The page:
First, a little history. Originally we signed our application like this:
signcode /spc C:mycredencials.spc /v a:myprivatekey.pvk /t http://timestamp.verisign.com/scripts/timstamp.dll c:\Project1.exe
The problem is that it required us to enter a password in a dialog box every time this command was run. Since we built several applications at a time, our "automated" build process required a lot of manual intervention.
The solution to that problem was to embed the key in the registry using PVKIMPRT.
The command line for signcode that directly accessed the certificate store was:
signcode -cn "Cool Corp" -n "My Application" -i http://www.example.com/MyApp.html -t http://timestamp.verisign.com/scripts/timstamp.dll c:\Project1.exe
This worked well on Windows XP, but failed on Vista with the error "failed to build the certificate chain." [Update 7/25/2008 - This problem was probably caused because the intermediate key was not installed. See my later post.]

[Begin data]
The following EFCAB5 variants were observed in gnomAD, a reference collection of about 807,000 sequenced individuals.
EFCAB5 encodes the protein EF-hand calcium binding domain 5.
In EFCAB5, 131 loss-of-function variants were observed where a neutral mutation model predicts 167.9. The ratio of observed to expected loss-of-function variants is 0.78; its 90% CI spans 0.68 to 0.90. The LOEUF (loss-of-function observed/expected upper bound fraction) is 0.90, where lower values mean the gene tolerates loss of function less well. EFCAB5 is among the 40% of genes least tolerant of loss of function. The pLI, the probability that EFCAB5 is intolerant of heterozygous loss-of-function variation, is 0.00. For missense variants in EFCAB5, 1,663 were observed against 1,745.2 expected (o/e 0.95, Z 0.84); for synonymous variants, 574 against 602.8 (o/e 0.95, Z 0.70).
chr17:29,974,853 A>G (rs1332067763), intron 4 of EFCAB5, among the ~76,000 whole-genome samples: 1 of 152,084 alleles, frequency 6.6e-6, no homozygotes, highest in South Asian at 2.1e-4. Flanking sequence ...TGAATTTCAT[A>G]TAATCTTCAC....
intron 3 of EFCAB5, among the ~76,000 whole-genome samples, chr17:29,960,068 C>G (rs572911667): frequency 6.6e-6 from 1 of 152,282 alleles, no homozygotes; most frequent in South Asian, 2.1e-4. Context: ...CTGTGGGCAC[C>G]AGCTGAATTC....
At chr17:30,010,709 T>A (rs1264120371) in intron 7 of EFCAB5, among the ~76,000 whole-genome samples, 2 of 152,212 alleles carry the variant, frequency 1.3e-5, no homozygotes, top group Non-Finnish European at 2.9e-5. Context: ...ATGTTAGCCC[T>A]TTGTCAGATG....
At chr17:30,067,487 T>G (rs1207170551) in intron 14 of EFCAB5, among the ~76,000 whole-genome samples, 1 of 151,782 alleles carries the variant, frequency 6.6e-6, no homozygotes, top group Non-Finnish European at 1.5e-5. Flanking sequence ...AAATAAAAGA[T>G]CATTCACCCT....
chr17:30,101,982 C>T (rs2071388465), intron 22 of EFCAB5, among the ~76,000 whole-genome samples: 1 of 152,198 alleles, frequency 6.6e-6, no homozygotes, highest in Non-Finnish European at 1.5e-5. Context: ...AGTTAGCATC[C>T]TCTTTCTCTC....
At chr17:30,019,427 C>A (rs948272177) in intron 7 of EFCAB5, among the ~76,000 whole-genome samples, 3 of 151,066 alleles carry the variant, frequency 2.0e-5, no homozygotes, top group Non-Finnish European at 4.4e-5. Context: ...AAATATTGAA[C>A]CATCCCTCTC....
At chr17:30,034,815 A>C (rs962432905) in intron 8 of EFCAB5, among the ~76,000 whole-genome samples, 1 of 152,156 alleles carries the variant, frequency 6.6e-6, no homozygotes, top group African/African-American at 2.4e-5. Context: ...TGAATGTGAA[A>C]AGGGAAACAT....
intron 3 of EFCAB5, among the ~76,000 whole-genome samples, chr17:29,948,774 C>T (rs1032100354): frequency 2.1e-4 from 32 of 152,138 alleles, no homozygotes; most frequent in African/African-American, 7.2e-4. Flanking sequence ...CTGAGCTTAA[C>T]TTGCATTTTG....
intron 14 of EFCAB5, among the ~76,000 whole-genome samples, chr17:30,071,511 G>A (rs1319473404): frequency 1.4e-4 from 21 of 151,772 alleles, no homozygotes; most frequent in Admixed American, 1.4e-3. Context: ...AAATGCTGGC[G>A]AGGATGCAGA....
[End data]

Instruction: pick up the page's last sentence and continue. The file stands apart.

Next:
Recent discussions about codesigning seem to advocate using signtool instead of signcode, although there's no discussion about the difference. I found that signtool has one big advantage over signcode: it can read PFX files, which is what Internet Explorer exports (Control Panel / Internet Options / Content / Certificates / Export). However, if you export your certificate to a PFX file in Windows Vista, you are required to provide a password, which didn't play well with one of our automated build tools.
The first solution was to use Windows XP to create the PFX file instead of Vista. WinXP will allow you to export your certificate and private key to a PFX file without a password. However, I found a better solution with a little research.
Signtool can automatically select a code signing certificate from the registry with the /a option. That's very handy. Eventually I ended up with this command in the Post Build Event:
$(SolutionDir)Tools\SignTool sign /a /d "My Application" /du "http://www.example.com/MyApp.html" /t http://timestamp.verisign.com/scripts/timstamp.dll $(TargetPath)